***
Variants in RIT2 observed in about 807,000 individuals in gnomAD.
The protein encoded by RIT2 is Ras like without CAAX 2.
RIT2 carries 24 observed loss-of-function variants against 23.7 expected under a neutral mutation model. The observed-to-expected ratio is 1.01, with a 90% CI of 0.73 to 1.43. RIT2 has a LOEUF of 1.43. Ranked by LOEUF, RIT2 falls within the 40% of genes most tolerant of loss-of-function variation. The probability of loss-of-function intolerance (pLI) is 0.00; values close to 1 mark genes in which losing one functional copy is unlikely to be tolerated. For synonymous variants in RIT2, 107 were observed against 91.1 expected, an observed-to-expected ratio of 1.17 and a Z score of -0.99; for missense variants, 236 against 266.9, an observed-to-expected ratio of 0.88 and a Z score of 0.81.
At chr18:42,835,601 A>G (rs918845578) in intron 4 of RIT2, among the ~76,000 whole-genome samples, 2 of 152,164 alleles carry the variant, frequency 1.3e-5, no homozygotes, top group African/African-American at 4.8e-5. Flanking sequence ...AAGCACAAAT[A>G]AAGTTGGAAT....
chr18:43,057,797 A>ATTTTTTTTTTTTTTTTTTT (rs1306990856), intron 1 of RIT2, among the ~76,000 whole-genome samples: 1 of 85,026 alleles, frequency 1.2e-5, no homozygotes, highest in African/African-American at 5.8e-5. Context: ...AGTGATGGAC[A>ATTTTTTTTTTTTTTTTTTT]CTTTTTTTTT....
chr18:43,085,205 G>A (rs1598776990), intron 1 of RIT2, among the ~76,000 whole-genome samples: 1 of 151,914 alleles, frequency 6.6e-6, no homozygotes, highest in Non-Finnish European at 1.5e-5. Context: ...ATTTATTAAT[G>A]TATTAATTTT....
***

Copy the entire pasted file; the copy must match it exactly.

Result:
Variants in RIT2 observed in about 807,000 individuals in gnomAD.
The protein encoded by RIT2 is Ras like without CAAX 2.
RIT2 carries 24 observed loss-of-function variants against 23.7 expected under a neutral mutation model. The observed-to-expected ratio is 1.01, with a 90% CI of 0.73 to 1.43. RIT2 has a LOEUF of 1.43. Ranked by LOEUF, RIT2 falls within the 40% of genes most tolerant of loss-of-function variation. The probability of loss-of-function intolerance (pLI) is 0.00; values close to 1 mark genes in which losing one functional copy is unlikely to be tolerated. For synonymous variants in RIT2, 107 were observed against 91.1 expected, an observed-to-expected ratio of 1.17 and a Z score of -0.99; for missense variants, 236 against 266.9, an observed-to-expected ratio of 0.88 and a Z score of 0.81.
At chr18:42,835,601 A>G (rs918845578) in intron 4 of RIT2, among the ~76,000 whole-genome samples, 2 of 152,164 alleles carry the variant, frequency 1.3e-5, no homozygotes, top group African/African-American at 4.8e-5. Flanking sequence ...AAGCACAAAT[A>G]AAGTTGGAAT....
chr18:43,057,797 A>ATTTTTTTTTTTTTTTTTTT (rs1306990856), intron 1 of RIT2, among the ~76,000 whole-genome samples: 1 of 85,026 alleles, frequency 1.2e-5, no homozygotes, highest in African/African-American at 5.8e-5. Context: ...AGTGATGGAC[A>ATTTTTTTTTTTTTTTTTTT]CTTTTTTTTT....
chr18:43,085,205 G>A (rs1598776990), intron 1 of RIT2, among the ~76,000 whole-genome samples: 1 of 151,914 alleles, frequency 6.6e-6, no homozygotes, highest in Non-Finnish European at 1.5e-5. Context: ...ATTTATTAAT[G>A]TATTAATTTT....